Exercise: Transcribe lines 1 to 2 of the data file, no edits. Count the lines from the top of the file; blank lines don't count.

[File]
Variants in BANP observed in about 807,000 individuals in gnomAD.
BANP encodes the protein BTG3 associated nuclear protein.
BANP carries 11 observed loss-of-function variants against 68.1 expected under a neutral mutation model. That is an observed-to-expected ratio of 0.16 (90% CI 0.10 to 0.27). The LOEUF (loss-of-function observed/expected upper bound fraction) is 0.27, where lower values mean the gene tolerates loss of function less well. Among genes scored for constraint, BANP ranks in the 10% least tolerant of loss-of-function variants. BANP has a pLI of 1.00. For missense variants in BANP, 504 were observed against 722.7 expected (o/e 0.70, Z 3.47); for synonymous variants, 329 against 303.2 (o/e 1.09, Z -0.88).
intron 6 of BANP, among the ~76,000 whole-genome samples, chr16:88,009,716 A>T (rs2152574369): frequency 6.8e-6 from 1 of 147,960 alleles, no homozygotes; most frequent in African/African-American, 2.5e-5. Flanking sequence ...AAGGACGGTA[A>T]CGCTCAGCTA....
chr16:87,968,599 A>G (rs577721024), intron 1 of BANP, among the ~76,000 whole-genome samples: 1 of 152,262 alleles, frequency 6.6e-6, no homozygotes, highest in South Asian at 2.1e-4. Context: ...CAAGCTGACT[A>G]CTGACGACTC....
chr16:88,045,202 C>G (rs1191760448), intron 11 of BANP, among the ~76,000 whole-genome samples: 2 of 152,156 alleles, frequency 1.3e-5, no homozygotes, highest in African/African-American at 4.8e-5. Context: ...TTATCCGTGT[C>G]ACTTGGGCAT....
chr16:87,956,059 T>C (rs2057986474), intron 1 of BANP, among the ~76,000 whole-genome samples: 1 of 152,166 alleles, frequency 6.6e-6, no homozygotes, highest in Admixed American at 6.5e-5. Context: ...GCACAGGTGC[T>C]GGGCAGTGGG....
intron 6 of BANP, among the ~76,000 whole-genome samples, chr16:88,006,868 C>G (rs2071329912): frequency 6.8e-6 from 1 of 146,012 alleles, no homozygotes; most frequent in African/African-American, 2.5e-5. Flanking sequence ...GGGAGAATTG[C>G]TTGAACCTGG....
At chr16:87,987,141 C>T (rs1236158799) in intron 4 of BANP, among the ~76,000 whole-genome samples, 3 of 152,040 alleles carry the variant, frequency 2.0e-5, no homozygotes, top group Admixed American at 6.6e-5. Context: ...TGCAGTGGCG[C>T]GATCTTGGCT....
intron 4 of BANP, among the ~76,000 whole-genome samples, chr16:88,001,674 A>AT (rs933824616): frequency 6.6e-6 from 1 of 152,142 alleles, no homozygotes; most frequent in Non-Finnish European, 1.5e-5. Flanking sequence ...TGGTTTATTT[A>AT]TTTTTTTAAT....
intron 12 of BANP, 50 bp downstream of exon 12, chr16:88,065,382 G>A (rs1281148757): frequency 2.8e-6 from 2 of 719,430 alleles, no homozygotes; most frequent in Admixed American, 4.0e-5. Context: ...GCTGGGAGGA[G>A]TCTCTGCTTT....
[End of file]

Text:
Variants in BANP observed in about 807,000 individuals in gnomAD.
BANP encodes the protein BTG3 associated nuclear protein.